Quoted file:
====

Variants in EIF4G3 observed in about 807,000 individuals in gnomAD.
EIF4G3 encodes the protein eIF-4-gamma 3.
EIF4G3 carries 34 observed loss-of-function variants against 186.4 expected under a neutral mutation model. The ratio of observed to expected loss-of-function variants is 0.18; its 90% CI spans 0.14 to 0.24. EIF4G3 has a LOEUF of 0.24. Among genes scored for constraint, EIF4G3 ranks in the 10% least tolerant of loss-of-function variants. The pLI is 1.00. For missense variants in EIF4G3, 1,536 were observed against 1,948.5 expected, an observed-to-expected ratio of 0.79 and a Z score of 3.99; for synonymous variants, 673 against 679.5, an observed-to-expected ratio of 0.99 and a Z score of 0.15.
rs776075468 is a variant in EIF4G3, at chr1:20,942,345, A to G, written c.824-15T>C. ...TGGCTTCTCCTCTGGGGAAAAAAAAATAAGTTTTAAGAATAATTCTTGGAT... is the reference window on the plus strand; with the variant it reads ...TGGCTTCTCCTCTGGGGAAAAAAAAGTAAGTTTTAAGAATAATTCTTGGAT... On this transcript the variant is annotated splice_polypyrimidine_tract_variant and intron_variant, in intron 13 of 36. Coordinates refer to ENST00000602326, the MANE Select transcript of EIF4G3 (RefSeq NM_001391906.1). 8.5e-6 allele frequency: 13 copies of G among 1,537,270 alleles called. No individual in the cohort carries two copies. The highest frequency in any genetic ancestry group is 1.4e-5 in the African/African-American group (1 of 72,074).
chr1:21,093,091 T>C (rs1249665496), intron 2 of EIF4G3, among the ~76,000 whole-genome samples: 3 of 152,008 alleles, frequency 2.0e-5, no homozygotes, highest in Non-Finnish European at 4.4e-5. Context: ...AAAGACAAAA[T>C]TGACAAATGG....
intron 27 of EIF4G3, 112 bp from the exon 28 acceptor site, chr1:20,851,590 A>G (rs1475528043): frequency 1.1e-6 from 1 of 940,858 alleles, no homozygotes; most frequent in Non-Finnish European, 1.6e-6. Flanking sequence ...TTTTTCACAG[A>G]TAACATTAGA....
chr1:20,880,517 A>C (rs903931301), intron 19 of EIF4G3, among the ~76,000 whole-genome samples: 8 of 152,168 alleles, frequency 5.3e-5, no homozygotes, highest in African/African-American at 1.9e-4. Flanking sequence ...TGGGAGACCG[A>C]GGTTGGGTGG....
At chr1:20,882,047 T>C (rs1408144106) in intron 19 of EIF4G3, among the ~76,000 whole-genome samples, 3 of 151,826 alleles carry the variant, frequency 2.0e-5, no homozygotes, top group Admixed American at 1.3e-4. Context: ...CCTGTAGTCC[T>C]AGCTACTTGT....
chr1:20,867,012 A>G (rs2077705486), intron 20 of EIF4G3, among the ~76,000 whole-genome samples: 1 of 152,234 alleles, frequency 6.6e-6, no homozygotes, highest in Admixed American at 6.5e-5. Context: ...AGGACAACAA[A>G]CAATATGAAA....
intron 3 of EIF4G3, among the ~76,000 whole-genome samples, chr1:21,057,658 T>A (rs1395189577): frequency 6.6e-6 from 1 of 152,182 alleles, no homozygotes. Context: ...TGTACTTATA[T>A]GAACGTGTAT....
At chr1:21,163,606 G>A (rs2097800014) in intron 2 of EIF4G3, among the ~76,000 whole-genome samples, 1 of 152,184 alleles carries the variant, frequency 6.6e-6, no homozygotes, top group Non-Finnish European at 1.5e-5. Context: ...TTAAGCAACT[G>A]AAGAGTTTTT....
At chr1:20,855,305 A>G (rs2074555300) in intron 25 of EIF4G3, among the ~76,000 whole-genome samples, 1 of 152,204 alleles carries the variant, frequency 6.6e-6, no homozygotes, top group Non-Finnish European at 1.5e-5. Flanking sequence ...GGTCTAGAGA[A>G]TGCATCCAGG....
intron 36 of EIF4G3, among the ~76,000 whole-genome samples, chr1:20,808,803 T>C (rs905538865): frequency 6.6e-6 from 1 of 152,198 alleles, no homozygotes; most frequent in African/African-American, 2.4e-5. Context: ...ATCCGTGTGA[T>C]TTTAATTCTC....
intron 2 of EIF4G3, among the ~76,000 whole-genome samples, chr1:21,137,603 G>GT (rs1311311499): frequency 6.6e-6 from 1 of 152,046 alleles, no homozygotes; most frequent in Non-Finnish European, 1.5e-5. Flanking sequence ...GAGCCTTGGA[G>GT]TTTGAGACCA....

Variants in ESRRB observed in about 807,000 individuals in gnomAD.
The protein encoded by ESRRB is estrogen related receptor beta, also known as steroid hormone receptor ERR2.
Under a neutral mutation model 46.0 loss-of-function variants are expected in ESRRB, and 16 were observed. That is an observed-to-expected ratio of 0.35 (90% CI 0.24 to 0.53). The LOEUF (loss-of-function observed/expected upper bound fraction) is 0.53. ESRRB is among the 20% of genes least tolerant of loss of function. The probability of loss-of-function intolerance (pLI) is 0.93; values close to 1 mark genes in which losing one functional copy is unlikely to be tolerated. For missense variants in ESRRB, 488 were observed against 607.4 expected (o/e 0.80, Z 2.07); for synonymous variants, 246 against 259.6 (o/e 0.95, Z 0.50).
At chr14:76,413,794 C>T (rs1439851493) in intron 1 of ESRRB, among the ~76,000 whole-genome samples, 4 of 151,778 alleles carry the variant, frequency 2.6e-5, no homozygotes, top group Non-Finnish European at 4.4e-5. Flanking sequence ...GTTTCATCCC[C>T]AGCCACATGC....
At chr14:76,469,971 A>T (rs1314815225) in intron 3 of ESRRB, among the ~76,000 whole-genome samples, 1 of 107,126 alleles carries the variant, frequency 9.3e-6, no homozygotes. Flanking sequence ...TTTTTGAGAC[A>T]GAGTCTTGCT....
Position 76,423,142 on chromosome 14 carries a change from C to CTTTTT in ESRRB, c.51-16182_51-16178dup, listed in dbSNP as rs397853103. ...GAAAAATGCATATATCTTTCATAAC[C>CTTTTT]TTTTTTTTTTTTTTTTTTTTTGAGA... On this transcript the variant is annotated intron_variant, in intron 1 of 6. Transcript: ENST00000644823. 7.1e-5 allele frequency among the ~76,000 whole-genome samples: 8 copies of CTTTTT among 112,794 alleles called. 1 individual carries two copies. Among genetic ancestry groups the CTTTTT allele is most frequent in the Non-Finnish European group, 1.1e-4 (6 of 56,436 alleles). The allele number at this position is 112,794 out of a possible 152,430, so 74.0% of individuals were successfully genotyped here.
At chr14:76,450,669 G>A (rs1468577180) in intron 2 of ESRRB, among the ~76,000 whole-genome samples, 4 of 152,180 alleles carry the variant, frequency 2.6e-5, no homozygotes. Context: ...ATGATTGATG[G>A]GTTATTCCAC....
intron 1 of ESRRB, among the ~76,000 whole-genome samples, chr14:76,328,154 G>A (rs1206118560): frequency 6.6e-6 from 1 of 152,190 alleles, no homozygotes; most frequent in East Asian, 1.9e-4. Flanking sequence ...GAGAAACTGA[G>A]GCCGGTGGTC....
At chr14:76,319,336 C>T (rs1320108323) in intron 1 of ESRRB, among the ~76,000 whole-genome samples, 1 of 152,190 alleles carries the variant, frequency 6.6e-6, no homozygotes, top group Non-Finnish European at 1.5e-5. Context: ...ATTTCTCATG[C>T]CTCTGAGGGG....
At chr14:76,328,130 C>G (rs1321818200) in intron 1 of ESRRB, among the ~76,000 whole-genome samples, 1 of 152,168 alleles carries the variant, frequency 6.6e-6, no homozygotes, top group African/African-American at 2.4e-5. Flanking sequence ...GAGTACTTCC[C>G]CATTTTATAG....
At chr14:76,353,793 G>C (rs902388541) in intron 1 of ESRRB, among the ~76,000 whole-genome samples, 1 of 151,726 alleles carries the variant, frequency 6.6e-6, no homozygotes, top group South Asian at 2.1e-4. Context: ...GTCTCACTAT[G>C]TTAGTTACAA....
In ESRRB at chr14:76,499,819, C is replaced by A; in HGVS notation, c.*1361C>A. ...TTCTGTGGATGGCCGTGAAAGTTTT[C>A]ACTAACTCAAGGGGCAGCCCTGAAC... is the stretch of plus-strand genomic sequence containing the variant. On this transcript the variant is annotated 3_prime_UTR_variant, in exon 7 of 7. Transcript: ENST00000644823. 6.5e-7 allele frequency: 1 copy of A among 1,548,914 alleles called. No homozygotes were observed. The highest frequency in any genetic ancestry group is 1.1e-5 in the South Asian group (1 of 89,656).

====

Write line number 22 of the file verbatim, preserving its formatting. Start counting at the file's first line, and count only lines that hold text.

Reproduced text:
intron 1 of ESRRB, among the ~76,000 whole-genome samples, chr14:76,328,154 G>A (rs1206118560): frequency 6.6e-6 from 1 of 152,190 alleles, no homozygotes; most frequent in East Asian, 1.9e-4. Flanking sequence ...GAGAAACTGA[G>A]GCCGGTGGTC....